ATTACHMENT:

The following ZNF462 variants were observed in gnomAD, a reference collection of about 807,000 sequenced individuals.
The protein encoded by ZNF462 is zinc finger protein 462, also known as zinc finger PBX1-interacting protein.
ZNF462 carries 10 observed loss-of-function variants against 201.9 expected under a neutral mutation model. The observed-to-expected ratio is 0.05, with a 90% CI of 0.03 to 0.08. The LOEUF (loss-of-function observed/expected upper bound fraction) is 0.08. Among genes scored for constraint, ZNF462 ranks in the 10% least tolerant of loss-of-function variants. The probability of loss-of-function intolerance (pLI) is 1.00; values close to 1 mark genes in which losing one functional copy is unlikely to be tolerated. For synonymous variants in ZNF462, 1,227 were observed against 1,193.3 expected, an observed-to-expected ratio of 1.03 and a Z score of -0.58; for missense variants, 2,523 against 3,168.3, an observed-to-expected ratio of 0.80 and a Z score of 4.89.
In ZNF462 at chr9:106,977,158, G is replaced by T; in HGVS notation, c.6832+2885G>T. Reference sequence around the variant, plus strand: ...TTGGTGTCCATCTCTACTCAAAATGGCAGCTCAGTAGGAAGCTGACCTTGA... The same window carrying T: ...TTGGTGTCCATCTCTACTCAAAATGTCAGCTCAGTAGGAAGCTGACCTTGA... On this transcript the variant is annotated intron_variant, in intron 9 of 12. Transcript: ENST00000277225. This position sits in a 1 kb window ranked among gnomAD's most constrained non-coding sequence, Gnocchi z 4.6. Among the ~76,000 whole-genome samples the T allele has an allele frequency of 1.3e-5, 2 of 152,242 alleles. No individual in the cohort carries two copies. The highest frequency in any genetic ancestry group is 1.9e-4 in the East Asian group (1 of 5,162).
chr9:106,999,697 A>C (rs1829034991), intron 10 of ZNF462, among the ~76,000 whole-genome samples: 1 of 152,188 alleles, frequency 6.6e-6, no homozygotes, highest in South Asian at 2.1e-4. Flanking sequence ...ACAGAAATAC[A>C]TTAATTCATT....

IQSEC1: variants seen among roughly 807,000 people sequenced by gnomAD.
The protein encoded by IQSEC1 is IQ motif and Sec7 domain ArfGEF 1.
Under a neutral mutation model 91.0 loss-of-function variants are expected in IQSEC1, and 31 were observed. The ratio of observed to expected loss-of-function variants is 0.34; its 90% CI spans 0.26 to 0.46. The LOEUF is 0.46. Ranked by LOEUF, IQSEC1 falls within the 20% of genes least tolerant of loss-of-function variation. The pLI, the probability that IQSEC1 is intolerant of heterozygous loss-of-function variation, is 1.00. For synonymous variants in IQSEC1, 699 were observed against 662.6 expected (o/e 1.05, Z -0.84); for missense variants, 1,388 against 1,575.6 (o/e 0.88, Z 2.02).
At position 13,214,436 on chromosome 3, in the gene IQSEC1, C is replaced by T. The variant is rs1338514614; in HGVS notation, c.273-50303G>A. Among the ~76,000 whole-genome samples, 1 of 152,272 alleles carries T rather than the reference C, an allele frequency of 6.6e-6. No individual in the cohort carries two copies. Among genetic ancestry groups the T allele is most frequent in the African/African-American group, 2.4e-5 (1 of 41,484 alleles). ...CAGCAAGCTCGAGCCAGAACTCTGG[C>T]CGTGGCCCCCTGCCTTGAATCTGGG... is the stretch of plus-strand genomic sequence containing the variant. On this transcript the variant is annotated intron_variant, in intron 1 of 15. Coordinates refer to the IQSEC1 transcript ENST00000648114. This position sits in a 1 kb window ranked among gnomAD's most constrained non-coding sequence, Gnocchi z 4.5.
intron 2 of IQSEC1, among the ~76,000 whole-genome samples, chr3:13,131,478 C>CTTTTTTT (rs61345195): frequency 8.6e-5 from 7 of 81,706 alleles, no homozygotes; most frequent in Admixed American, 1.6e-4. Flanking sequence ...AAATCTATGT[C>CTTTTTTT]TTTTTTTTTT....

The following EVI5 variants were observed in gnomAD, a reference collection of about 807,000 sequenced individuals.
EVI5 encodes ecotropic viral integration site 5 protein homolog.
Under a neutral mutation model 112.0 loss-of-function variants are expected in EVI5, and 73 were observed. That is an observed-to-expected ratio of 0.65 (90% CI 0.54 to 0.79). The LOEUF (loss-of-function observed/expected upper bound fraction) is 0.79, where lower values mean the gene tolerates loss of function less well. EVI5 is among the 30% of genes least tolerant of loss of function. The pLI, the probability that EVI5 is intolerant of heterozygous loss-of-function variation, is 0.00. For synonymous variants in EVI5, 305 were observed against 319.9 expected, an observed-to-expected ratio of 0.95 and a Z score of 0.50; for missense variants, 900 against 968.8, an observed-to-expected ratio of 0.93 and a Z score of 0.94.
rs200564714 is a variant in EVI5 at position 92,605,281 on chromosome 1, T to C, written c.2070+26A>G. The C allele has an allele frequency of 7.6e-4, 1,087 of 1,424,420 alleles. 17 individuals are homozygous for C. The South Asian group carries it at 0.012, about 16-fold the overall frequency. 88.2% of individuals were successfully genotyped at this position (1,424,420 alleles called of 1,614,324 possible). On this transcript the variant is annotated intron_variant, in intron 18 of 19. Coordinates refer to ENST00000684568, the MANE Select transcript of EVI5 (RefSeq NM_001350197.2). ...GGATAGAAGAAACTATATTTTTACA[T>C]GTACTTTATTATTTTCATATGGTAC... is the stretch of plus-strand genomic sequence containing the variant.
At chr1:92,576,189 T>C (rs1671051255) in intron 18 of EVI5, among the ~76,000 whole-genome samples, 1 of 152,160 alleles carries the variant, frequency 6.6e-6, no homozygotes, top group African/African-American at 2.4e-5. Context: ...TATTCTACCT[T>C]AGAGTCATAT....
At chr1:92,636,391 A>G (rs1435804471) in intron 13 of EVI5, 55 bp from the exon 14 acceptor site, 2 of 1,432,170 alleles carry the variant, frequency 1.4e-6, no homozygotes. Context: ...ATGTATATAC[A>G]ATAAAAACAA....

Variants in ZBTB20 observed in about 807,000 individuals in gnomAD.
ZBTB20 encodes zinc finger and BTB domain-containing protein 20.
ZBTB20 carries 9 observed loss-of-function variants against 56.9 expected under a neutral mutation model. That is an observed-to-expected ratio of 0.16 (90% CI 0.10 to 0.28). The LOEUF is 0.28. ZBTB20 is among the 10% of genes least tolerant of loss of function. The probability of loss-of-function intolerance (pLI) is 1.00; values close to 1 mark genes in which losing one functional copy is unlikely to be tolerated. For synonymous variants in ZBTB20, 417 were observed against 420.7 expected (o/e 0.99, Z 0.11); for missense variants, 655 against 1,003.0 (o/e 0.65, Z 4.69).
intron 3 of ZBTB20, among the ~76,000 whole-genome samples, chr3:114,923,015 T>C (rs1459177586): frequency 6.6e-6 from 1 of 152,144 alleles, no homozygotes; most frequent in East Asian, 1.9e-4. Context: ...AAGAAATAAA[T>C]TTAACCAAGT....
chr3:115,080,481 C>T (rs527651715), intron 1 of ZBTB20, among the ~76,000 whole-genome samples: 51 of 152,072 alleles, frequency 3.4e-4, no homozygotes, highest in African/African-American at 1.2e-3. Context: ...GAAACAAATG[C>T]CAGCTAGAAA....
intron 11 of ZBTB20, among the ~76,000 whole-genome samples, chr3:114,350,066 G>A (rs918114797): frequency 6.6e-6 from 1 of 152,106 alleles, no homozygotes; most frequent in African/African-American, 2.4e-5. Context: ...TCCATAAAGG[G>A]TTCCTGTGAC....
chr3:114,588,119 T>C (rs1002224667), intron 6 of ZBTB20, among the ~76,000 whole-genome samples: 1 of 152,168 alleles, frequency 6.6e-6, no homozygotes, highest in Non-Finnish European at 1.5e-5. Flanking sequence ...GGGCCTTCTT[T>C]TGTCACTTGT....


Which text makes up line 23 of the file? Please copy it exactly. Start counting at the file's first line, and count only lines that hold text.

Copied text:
chr3:114,588,119 T>C (rs1002224667), intron 6 of ZBTB20, among the ~76,000 whole-genome samples: 1 of 152,168 alleles, frequency 6.6e-6, no homozygotes, highest in Non-Finnish European at 1.5e-5. Flanking sequence ...GGGCCTTCTT[T>C]TGTCACTTGT....